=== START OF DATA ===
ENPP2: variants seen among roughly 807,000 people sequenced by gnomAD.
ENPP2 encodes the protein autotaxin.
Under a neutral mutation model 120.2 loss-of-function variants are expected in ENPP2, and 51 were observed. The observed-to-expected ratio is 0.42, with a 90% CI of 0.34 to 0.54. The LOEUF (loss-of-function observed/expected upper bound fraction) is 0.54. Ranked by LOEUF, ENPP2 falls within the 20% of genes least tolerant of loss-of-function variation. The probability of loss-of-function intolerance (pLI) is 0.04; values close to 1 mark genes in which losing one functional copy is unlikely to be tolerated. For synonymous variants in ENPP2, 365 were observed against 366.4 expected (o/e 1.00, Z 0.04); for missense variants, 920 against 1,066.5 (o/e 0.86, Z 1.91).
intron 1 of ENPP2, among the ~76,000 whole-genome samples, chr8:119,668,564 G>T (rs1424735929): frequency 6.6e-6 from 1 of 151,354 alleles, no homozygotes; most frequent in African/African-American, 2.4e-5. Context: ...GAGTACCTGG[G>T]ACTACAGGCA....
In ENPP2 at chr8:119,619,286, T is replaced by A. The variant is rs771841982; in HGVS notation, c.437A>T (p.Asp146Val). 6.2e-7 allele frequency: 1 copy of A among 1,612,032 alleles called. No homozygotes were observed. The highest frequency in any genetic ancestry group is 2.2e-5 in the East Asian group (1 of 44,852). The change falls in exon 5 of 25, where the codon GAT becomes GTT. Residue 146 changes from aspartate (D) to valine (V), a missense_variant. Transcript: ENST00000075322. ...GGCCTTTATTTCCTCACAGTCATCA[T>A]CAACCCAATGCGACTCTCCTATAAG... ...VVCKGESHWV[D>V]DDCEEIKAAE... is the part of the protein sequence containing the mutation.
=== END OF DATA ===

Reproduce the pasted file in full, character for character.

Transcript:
ENPP2: variants seen among roughly 807,000 people sequenced by gnomAD.
ENPP2 encodes the protein autotaxin.
Under a neutral mutation model 120.2 loss-of-function variants are expected in ENPP2, and 51 were observed. The observed-to-expected ratio is 0.42, with a 90% CI of 0.34 to 0.54. The LOEUF (loss-of-function observed/expected upper bound fraction) is 0.54. Ranked by LOEUF, ENPP2 falls within the 20% of genes least tolerant of loss-of-function variation. The probability of loss-of-function intolerance (pLI) is 0.04; values close to 1 mark genes in which losing one functional copy is unlikely to be tolerated. For synonymous variants in ENPP2, 365 were observed against 366.4 expected (o/e 1.00, Z 0.04); for missense variants, 920 against 1,066.5 (o/e 0.86, Z 1.91).
intron 1 of ENPP2, among the ~76,000 whole-genome samples, chr8:119,668,564 G>T (rs1424735929): frequency 6.6e-6 from 1 of 151,354 alleles, no homozygotes; most frequent in African/African-American, 2.4e-5. Context: ...GAGTACCTGG[G>T]ACTACAGGCA....
In ENPP2 at chr8:119,619,286, T is replaced by A. The variant is rs771841982; in HGVS notation, c.437A>T (p.Asp146Val). 6.2e-7 allele frequency: 1 copy of A among 1,612,032 alleles called. No homozygotes were observed. The highest frequency in any genetic ancestry group is 2.2e-5 in the East Asian group (1 of 44,852). The change falls in exon 5 of 25, where the codon GAT becomes GTT. Residue 146 changes from aspartate (D) to valine (V), a missense_variant. Transcript: ENST00000075322. ...GGCCTTTATTTCCTCACAGTCATCA[T>A]CAACCCAATGCGACTCTCCTATAAG... ...VVCKGESHWV[D>V]DDCEEIKAAE... is the part of the protein sequence containing the mutation.